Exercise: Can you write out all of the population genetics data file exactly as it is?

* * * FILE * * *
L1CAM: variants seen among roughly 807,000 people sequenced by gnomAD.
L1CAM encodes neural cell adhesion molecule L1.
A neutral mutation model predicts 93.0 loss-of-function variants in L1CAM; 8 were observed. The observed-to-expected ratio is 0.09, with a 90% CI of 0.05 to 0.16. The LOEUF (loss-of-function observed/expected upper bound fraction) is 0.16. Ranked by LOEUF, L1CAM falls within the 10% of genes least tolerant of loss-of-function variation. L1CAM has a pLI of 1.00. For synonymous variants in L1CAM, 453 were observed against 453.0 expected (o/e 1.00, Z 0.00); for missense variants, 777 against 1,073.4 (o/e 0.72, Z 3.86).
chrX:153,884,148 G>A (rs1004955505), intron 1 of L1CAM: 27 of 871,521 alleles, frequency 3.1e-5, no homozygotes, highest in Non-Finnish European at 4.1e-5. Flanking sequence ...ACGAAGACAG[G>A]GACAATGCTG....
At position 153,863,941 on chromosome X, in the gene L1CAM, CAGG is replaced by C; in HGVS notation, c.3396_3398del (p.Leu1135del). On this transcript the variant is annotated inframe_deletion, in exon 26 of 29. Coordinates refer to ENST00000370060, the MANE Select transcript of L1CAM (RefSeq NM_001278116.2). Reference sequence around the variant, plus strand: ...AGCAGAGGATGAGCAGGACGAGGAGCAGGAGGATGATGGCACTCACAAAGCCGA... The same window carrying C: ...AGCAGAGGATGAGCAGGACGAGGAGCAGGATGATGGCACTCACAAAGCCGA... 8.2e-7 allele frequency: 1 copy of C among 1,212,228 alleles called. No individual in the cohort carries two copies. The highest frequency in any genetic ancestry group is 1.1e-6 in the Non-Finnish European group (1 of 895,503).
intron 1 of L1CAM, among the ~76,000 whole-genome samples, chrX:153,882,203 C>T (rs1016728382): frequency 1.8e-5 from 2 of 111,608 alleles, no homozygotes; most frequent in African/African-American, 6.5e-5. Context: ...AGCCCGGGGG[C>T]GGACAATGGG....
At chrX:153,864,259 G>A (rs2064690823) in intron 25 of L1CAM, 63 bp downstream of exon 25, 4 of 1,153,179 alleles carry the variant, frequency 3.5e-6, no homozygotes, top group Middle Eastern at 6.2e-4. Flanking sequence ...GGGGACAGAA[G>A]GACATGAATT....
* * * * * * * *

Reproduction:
L1CAM: variants seen among roughly 807,000 people sequenced by gnomAD.
L1CAM encodes neural cell adhesion molecule L1.
A neutral mutation model predicts 93.0 loss-of-function variants in L1CAM; 8 were observed. The observed-to-expected ratio is 0.09, with a 90% CI of 0.05 to 0.16. The LOEUF (loss-of-function observed/expected upper bound fraction) is 0.16. Ranked by LOEUF, L1CAM falls within the 10% of genes least tolerant of loss-of-function variation. L1CAM has a pLI of 1.00. For synonymous variants in L1CAM, 453 were observed against 453.0 expected (o/e 1.00, Z 0.00); for missense variants, 777 against 1,073.4 (o/e 0.72, Z 3.86).
chrX:153,884,148 G>A (rs1004955505), intron 1 of L1CAM: 27 of 871,521 alleles, frequency 3.1e-5, no homozygotes, highest in Non-Finnish European at 4.1e-5. Flanking sequence ...ACGAAGACAG[G>A]GACAATGCTG....
At position 153,863,941 on chromosome X, in the gene L1CAM, CAGG is replaced by C; in HGVS notation, c.3396_3398del (p.Leu1135del). On this transcript the variant is annotated inframe_deletion, in exon 26 of 29. Coordinates refer to ENST00000370060, the MANE Select transcript of L1CAM (RefSeq NM_001278116.2). Reference sequence around the variant, plus strand: ...AGCAGAGGATGAGCAGGACGAGGAGCAGGAGGATGATGGCACTCACAAAGCCGA... The same window carrying C: ...AGCAGAGGATGAGCAGGACGAGGAGCAGGATGATGGCACTCACAAAGCCGA... 8.2e-7 allele frequency: 1 copy of C among 1,212,228 alleles called. No individual in the cohort carries two copies. The highest frequency in any genetic ancestry group is 1.1e-6 in the Non-Finnish European group (1 of 895,503).
intron 1 of L1CAM, among the ~76,000 whole-genome samples, chrX:153,882,203 C>T (rs1016728382): frequency 1.8e-5 from 2 of 111,608 alleles, no homozygotes; most frequent in African/African-American, 6.5e-5. Context: ...AGCCCGGGGG[C>T]GGACAATGGG....
At chrX:153,864,259 G>A (rs2064690823) in intron 25 of L1CAM, 63 bp downstream of exon 25, 4 of 1,153,179 alleles carry the variant, frequency 3.5e-6, no homozygotes, top group Middle Eastern at 6.2e-4. Flanking sequence ...GGGGACAGAA[G>A]GACATGAATT....